Soon after 1300, the supply of gold grew from new Hungarian mines. All of Europe quickly began to make gold coins. The French King’s mints produced nearly 10 tonnes (350,000 troy oz) of gold coins in 1338-39. In 1344, the mints of Florence, Genoa, Venice, Bruges (Flanders) and London together coined more than five tonnes (170,000 troy oz).
(Today, the variety of gold coins can be seen at the British Museum in London, which displays 25 types of gold coins from European nations and city states minted during the 13th and 14th centuries.)
More History of Gold Coins
By 1500, the movement of gold supplies had drastically changed, first with more gold coming from West Africa to Europe by sea and then new sources appeared in the Americas. For example, in 1457, Portugal issued new cruzado gold coins made of African gold. In England in 1489 Henry VII minted the first sovereign gold coins of 15.55 grams (0.5 troy oz) at 958 fine (23 carats), valued at £1.00. By 1503 a mint in Seville was handling gold from the Americas. Thereafter much of that gold was turned into Spanish crowns exported to England, the Netherlands (then under Spanish rule), Genoa and Venice, and often recast into local gold coins. However, South American gold was relatively limited compared to the widespread availability of silver so during the 16th and 17th centuries silver coinage was used much more in Europe than gold coins.
In 1558 in England, Queen Elizabeth I introduced new gold coins (angels) and crowns to restore the status of gold coins which had been degraded by her father Henry VIII. Gold coins really made their reappearance after the discovery of gold in Brazil in the 1690s, which brought a new aspect to world production. Britain then switched to an unofficial gold standard with gold coins replacing silver as the main circulating currency.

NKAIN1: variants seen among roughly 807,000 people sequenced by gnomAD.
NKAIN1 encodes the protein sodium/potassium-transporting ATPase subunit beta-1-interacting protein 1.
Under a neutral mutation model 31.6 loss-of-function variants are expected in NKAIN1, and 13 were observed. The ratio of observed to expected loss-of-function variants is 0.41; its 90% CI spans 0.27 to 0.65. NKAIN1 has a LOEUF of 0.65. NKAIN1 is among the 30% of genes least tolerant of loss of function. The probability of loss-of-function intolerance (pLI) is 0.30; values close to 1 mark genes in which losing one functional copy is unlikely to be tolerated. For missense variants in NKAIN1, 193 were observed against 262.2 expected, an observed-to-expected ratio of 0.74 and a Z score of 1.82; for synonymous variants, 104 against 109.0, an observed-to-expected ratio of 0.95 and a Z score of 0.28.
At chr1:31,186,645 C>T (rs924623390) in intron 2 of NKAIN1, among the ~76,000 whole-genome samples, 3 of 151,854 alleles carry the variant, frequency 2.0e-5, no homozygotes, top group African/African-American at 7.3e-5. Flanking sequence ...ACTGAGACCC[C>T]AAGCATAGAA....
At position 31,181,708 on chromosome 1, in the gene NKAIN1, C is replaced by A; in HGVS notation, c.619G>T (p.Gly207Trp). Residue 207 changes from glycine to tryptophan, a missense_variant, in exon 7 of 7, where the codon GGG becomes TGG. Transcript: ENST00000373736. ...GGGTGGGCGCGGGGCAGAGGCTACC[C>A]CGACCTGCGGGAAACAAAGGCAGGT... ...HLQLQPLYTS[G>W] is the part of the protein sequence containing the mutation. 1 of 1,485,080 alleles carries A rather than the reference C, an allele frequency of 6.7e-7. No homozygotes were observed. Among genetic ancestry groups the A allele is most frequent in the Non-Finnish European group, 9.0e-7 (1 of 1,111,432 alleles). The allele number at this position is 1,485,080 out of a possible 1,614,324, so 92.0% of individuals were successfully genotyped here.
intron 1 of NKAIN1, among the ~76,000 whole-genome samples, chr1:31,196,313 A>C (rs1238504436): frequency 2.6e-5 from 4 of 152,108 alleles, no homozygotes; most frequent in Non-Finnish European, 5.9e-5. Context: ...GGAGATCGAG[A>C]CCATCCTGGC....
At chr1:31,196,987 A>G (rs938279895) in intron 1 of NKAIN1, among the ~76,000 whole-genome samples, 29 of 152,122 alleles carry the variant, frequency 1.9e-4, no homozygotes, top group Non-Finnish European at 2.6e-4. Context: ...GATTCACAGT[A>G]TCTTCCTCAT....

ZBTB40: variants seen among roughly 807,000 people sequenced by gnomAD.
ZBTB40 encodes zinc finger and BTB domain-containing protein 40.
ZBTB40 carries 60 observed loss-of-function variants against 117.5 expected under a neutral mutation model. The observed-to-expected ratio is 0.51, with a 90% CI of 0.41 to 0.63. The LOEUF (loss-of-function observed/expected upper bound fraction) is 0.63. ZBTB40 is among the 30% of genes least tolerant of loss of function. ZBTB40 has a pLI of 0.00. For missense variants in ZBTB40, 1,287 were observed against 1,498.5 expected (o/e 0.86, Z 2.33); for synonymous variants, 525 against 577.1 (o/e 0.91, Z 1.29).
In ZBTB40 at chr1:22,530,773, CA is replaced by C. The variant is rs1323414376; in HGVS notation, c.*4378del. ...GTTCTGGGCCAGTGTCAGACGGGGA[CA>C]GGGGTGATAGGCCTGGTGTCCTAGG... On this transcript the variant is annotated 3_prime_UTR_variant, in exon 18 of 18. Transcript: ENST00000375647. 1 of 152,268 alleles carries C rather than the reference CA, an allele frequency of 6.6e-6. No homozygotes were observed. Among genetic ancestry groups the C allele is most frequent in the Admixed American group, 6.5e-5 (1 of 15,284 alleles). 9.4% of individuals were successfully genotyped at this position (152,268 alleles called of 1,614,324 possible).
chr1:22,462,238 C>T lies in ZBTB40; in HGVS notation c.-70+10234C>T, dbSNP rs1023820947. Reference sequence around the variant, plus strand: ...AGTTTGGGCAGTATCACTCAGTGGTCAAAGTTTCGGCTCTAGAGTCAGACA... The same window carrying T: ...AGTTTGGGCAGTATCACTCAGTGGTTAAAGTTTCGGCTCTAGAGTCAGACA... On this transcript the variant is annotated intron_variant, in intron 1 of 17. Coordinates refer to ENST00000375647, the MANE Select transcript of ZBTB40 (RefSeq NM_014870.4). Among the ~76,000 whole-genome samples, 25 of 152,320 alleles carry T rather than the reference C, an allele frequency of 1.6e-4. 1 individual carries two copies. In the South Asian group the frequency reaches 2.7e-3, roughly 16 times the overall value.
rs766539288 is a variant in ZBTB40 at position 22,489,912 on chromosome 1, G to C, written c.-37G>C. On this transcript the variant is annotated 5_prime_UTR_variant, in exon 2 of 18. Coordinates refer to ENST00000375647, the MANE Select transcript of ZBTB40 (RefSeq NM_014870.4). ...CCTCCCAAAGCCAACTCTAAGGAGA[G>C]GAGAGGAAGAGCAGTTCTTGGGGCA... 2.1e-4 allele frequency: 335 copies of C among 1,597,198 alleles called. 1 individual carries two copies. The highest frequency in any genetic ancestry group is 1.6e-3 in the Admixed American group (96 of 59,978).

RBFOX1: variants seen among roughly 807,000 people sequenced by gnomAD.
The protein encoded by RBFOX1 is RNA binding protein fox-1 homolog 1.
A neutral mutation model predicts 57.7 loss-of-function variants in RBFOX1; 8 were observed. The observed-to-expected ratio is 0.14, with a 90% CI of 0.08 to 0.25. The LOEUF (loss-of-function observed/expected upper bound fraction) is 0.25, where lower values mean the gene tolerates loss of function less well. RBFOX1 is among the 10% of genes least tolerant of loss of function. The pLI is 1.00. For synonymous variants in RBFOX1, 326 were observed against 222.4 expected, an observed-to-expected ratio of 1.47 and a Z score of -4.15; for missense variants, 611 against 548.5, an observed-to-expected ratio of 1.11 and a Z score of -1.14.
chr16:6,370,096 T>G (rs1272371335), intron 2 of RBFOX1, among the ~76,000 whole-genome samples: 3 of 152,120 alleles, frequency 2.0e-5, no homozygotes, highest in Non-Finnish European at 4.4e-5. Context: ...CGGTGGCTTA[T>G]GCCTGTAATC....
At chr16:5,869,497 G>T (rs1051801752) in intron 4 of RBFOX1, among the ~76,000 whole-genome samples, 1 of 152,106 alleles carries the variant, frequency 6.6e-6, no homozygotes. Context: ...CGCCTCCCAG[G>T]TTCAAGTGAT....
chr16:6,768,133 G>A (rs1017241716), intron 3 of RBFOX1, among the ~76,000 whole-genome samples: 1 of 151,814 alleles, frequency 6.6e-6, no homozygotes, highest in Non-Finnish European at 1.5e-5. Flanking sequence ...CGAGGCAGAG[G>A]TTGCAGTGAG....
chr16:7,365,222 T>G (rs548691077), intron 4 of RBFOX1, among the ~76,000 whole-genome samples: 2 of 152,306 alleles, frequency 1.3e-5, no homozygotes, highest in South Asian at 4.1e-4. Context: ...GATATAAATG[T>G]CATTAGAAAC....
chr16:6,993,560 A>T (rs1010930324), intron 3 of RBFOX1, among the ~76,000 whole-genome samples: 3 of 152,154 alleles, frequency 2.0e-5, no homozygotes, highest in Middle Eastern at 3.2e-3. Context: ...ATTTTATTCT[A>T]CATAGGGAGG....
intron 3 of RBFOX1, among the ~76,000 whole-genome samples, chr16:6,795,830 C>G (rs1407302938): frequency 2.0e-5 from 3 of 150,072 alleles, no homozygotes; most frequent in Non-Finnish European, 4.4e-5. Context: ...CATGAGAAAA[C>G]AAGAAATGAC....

Gold from the New World
Brazil’s gold coins, moedas de ouro, were minted in Rio de Janeiro and Lisbon and many of these coins travelled to England where they were recoined into guineas, which first had been struck in 1663. The guinea gold coins, named after Africa’s ‘gold coast’, weighed 0.27 troy oz (8.7 grams) at 916.6 fine with a nominal value of £1. The mint in London coined over 31 tonnes (one million troy oz) of gold into guineas gold coins between 1713-1716.
This new flow of gold into England coincided with a slight over-valuation of gold coins compared to silver at the mint. As a result, traders learned it was profitable to send gold to be minted while selling silver for shipment to India and China where it was more highly valued. The premium for gold coins was confirmed in 1717, when Sir Isaac Newton, as Master of the Mint, set the historic gold price of £4.4.11½d (£4.35). This remained for two hundred years. His decision confirmed the preference for gold coins and put Britain on a gold standard, where gold coins became the major coin circulation until 1914 when World War I broke out. Throughout the 18th century, huge quantities of guineas gold coins began circulating with the British mint typically producing three to four million gold coins each year. Virtually no silver was coined. Not since Roman times were gold coins so widely used and accepted both in Britain and abroad, although most other nations stayed with silver coinage.
The United Kingdom gold coins, which replaced the guinea gold coins under the Coinage Act of 1816, established the gold standard as official. These coins, of 0.25 troy oz (7.77 grams) at 916 fine, then became the only standard of value and had unlimited legal tender.
Gold Coins Reached Their Pinnacle
Gold coins reached their pinnacle after the gold rushes in the United States and Australia after 1848, when gold production rose five-fold. The minting of gold coins rocketed in France and the United States in the 1850s. Eventually most nations switched from silver to gold coins by 1900, when the United States finally changed to the single gold standard from a bimetallic gold and silver policy.
Virtually all gold mined during the 19th Century was transformed into gold coins. Sovereign gold coins in Britain and Australia, Eagle gold coins in the U.S., Mark gold coins in Germany, Rouble gold coins in Russia, Crown gold coins in Austria, Florin gold coins in Hungary and Napoleon gold coins in France accounted for over 13,000 tonnes (418 million troy oz) in the classic period of the gold standard prior to World War I.
But when the world went to war in 1914, governments started to store their gold, the minting of gold coins largely stopped and gold coins were often recollected. In 1933, during the Great Depression, the U.S. recalled all gold and gold coins from their citizens. And with that one dramatic swoop, the era of universal gold coins usage ended.